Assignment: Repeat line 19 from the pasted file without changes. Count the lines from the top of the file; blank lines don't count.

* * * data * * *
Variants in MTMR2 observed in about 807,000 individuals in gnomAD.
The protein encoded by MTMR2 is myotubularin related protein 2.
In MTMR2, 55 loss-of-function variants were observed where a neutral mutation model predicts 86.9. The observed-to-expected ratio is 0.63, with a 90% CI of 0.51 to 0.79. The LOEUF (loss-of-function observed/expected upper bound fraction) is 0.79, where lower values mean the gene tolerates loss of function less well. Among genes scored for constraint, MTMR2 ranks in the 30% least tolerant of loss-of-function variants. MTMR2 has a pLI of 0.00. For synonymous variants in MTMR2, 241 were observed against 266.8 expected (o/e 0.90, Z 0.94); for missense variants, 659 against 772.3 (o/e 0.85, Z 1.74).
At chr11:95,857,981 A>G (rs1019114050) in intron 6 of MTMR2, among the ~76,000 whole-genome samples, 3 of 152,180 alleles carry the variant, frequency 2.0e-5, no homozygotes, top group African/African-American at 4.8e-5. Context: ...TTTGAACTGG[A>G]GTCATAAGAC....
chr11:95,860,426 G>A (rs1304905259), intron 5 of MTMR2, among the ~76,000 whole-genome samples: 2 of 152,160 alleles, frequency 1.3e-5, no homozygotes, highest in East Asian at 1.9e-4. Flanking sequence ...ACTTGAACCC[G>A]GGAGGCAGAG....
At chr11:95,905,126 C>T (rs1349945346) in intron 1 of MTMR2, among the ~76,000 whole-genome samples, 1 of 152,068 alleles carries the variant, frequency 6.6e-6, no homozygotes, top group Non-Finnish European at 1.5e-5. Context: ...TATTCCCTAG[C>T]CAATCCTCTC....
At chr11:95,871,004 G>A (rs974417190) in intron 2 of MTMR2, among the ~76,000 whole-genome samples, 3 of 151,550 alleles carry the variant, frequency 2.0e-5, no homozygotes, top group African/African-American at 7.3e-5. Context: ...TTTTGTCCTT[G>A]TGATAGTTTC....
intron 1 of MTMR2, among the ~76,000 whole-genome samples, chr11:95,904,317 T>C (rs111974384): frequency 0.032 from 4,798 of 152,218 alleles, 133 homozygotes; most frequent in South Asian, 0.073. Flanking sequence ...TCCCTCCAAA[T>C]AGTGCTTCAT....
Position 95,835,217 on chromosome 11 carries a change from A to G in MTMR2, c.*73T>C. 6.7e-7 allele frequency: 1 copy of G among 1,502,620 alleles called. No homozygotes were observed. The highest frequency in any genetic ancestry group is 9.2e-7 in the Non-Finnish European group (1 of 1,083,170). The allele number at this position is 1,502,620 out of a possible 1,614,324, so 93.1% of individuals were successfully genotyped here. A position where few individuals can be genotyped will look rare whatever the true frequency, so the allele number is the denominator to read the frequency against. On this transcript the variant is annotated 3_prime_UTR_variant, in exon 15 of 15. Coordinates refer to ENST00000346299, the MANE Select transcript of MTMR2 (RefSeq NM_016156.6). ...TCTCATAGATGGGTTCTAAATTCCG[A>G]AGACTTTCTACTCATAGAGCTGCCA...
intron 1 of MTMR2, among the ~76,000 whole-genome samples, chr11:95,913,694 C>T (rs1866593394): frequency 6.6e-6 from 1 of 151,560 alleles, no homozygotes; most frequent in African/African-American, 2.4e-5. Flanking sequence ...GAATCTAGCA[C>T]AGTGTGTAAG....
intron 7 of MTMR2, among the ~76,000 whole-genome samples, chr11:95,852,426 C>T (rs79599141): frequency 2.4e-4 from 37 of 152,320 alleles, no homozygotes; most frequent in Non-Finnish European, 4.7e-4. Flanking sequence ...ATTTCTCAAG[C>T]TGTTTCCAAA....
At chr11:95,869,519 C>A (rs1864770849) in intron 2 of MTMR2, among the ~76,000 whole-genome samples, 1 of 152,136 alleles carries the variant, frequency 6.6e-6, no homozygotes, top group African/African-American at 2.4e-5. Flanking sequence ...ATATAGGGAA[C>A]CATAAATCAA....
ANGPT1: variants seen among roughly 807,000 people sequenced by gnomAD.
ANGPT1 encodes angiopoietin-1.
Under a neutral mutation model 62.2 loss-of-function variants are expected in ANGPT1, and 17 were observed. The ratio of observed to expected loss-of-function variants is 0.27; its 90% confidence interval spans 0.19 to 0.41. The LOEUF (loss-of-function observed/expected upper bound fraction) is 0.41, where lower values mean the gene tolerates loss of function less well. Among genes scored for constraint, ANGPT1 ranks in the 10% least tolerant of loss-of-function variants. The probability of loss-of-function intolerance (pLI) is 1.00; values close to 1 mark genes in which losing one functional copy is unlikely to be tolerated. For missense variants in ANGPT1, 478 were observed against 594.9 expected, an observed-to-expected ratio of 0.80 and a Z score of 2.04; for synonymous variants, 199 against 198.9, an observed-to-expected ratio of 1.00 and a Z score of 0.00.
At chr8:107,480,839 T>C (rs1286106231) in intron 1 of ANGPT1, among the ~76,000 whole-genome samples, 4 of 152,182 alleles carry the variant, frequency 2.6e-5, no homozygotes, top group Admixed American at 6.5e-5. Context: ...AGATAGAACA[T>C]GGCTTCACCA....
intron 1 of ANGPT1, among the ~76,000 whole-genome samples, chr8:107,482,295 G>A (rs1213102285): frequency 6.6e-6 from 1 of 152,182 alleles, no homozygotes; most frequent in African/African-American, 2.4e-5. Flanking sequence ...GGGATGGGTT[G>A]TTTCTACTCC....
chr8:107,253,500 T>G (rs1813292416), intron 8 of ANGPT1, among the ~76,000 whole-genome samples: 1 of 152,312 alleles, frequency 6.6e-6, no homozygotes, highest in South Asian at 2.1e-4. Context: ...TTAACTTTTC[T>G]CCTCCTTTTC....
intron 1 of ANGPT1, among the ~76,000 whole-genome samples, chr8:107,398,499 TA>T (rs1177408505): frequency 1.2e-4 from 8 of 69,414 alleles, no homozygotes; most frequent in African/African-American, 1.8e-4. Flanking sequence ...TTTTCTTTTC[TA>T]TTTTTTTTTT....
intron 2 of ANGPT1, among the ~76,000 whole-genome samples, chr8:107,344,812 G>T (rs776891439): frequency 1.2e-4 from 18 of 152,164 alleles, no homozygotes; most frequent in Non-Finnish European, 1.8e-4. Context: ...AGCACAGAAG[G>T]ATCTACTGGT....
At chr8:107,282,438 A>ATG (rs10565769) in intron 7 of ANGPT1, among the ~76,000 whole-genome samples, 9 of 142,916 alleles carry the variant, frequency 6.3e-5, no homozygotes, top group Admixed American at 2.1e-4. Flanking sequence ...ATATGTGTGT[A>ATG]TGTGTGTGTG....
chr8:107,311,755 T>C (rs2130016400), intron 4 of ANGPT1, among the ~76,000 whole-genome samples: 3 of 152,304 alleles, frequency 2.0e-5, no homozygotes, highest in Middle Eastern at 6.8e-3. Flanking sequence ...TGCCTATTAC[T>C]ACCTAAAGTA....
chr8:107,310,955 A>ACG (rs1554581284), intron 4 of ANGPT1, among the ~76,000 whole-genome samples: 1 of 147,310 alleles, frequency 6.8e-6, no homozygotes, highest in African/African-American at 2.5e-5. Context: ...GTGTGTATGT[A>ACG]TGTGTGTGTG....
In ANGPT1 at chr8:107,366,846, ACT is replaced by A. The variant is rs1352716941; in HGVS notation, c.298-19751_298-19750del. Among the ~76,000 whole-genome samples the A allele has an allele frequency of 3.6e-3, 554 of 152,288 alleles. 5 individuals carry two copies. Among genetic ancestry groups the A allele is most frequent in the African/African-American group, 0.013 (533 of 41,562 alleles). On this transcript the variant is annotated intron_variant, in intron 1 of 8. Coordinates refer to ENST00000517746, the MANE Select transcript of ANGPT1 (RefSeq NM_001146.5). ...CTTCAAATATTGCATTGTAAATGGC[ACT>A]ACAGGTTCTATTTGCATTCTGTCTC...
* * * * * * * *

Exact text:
intron 1 of ANGPT1, among the ~76,000 whole-genome samples, chr8:107,398,499 TA>T (rs1177408505): frequency 1.2e-4 from 8 of 69,414 alleles, no homozygotes; most frequent in African/African-American, 1.8e-4. Flanking sequence ...TTTTCTTTTC[TA>T]TTTTTTTTTT....